English farmer to come out here and take his chance in a ballot of that kind ! It would be a repetition of Tattersall’s sweeps, but with this difference, that I am given to understand by some friends of mine, who know, that you can go into Tattersall’s sweep for a very modest amount. What would be the position of an English farmer coming out here with a wife and family and ^500? I venture to say that he would spend a fourth or one-half of his capital before he would be able to secure a block of land.
– He could go to Mr. Willis and give him the ,£500.
– Perhaps Senator Dobson could furnish intending applicants for land with Mr. Willis’ present address. Can we honestly or fairly ask English farmers to come out to New South Wales and represent to them that we have lands to offer them when the conditions are such as I have pointed out?
– Certainly not;
– I should like to say with regard to the larger area of our Crown lands in New South Wales, outside the wheat line, that I think it would be positive cruelty, and injustice to tempt English, Scotch, or Irish farmers, with an absolute ignorance of Australian conditions, to settle on land subject to all the vicissitudes which mark Australian settlement in the semi-arid districts. I regard it as a criminal wrong to have induced numbers of our own people, though familiar with our methods, to settle in many of these districts. Failure has fallen upon them after years of fruitless labour, and after thev have subjected their children to the life’s handicap of being dissociated from schools and church and the other social institutions which go to mould the moral character of good citizens. 1 say that it would be doubly wrong to persuade European farmers without a knowledge of the conditions to attempt to do “that which our own people with a full knowledge of the conditions have not succeeded in doing. I pass from New South Wales to South Australia, and I must admit that I am inclined to regard that State as somewhat of an unsolved problem from an’ agricultural standpoint. The farmers of that State have done what to a New South Welshman appear to be wonders under natural conditions which are not too kind ; but whether or not there is a great extent of agricultural land there which could be offered to immigrants I do not know. It appears to me,; judging by the average wheat yields of the country, that the great bulk of the better lands have already been parted with, and the area of wheat lands on which we might reasonably ask European farmers to settle is, as in my own State, not only limited, but gradually becoming less.
– Hear, hear.
– I must consider Western Australia as somewhat of an unknown quantity. Western Australians, speaking with the enthusiasm which naturally accompanies a regard for one’s own State, represent the agricultural areas there as being very much more extensive than many people in Australia are led to believe.
– Misled to believe.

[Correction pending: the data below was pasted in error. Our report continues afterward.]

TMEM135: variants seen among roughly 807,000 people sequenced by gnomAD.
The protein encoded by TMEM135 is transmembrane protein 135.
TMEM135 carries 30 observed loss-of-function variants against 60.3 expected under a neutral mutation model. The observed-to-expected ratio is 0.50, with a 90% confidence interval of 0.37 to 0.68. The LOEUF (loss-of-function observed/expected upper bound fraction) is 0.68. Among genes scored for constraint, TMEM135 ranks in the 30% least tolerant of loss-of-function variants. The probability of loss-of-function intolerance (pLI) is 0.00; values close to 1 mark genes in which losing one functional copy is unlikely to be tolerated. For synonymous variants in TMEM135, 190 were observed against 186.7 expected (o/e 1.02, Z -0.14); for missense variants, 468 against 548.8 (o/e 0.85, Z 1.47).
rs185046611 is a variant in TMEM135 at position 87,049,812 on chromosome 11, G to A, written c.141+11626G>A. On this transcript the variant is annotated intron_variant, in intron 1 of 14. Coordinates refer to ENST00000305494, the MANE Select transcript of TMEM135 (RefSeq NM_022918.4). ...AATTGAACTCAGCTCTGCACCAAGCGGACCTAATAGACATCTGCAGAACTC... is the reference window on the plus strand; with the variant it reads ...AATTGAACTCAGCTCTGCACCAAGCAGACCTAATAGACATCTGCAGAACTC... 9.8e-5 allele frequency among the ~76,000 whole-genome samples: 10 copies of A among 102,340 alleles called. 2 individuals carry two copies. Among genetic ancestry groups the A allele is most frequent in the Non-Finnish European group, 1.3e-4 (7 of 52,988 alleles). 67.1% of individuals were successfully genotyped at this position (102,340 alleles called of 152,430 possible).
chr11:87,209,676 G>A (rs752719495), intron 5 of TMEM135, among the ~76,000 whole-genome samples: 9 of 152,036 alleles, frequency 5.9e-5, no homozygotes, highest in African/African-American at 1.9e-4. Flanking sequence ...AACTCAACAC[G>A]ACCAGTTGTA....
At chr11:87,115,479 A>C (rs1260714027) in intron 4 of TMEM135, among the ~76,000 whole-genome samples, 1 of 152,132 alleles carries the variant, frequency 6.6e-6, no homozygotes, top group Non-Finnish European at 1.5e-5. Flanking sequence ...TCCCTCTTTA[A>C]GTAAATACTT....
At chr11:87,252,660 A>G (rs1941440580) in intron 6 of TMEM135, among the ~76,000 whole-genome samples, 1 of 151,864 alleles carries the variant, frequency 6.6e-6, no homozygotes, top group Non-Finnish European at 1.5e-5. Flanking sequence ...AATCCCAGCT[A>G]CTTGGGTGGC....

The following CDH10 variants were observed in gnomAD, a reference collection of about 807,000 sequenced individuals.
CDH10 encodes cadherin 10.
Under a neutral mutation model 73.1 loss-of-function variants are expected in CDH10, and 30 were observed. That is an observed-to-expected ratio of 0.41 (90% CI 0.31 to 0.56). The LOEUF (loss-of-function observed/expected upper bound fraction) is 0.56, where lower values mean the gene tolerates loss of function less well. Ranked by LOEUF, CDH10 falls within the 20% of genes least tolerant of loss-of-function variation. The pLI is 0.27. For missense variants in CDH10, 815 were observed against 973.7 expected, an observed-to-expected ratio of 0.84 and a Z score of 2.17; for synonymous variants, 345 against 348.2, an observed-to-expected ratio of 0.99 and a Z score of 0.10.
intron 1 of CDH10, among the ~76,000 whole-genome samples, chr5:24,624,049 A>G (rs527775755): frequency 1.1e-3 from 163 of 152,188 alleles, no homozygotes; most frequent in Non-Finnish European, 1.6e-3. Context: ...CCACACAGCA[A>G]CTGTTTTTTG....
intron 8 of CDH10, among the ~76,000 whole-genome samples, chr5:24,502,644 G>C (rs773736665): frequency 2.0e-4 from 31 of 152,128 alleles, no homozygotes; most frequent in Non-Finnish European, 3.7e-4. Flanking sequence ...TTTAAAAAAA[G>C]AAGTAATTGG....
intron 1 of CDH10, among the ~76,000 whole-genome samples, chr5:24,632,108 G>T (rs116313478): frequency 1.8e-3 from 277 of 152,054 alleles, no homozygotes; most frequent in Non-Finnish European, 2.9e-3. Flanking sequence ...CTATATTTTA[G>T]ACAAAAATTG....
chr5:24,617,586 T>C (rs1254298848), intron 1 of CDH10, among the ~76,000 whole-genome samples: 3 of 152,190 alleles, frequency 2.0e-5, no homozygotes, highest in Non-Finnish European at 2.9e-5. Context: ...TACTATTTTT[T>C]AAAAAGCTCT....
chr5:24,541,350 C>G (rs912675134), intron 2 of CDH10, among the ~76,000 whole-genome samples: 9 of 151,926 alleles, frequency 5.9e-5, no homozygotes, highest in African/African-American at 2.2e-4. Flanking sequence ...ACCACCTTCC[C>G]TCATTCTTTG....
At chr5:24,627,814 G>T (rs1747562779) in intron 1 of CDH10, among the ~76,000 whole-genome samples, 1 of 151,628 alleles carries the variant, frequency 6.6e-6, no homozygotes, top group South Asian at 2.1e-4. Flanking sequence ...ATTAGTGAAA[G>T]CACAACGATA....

– I put it as fairly as I can when I say that, if we are to believe Western Australians, the area of agricultural lands in their State is largely in excess of what in other parts of the Commonwealth it is generally supposed to be. But whether the area be big or small, it appears to me that, for some time at any rate, the eastern portion of Australia is likely to prove more attractive to immigrants than is Western Australia, if it were only for the one fact that it offers a bigger local market. I am dealing quite tentatively with Western Australia, because, even to Australians themselves,: it is largely an unknown country. But there is one State to which I can turn, and of which I can speak in more hopeful terms than I have been able to do so far, and that is the great northern State of Queensland. I have long held the view, formed from a considerable knowledge of the agricultural and pastoral portions of that State, that it is the one State that is going to be the great rival - a friendly one, I hope - of New South Wales in the matters of population and material wealth. Its area of pastoral country is far more extensive than that of New South Wales - I mean of equal quality. Its agricultural land is considerable, although its limits have not yet been accurately defined. Its mineral resources are yet almost unsuspected. In addition to all that, there are the possibilities due to its possession of a large tropical and subtropical region. In addition to possessing these attractive areas of land, Queensland has done this : Whether her Governments have attempted to avoid the mistakes of the mother State or not, they have at least made a business-like effort in their land laws to deal with their Crown lands in an attractive and business-like fashion, and to deal with intending settlers and applicants for land in a way that is absolutely free from the harassing conditions and restrictions which mar the land laws of New South Wales. They are to-day offering lands in as near an approach to a business-like way as it is possible perhaps for a Government to deal commercially with anybody. At this stage, I do not intend to go into the details which mark the difference in this regard between the laws of Queensland and those of New South Wales. I lay it down generally that the Government of Queensland are endeavouring to do everything which it is possible to do to treat intending settlers in a reasonable and business-like way. There is, for that reason, possibly some hope with regard to Queensland. But, still, having taken a general view of the several States, I am forced back to this conclusion, that viewing Australia as a whole - and in this matter State boundaries can . altogether be eliminated from our consideration - we have to remember that every additional settler to a State is an additional settler to Australia, For that reason, I have spoken perhaps with greater freedom than I intended about the difficulties of land legislation in my State. But having passed the matter under general review, I am forced to the conclusion that, so far as our Crown lands are concerned, we cannot hope to compete with our rivals in the attractiveness of the offers which we can extend to the people of the mother country. I turn then to our private lands, and this seems to me to be the key to the whole position. /The best portion of the agricultural land1 in Victoria and Tasmania is necessarily in private hands. And, with regard to New South Wales, it may be said that the best portion of her agricultural and dairying land is also in private hands. To some extent that applies to Queensland, and also, I have reason to think, to South Australia and Western Australia. So far as the Eastern States are concerned, it is recognised that Queensland, Victoria, and New South Wales have had to pass Bills for the resumption of private estates, for the purpose of being subdivided into smaller holdings. It is inconceivable that such legislation would have been adopted unless private estates did contain better agricultural land than the Crown was already in possession of. We start then from that stand-point.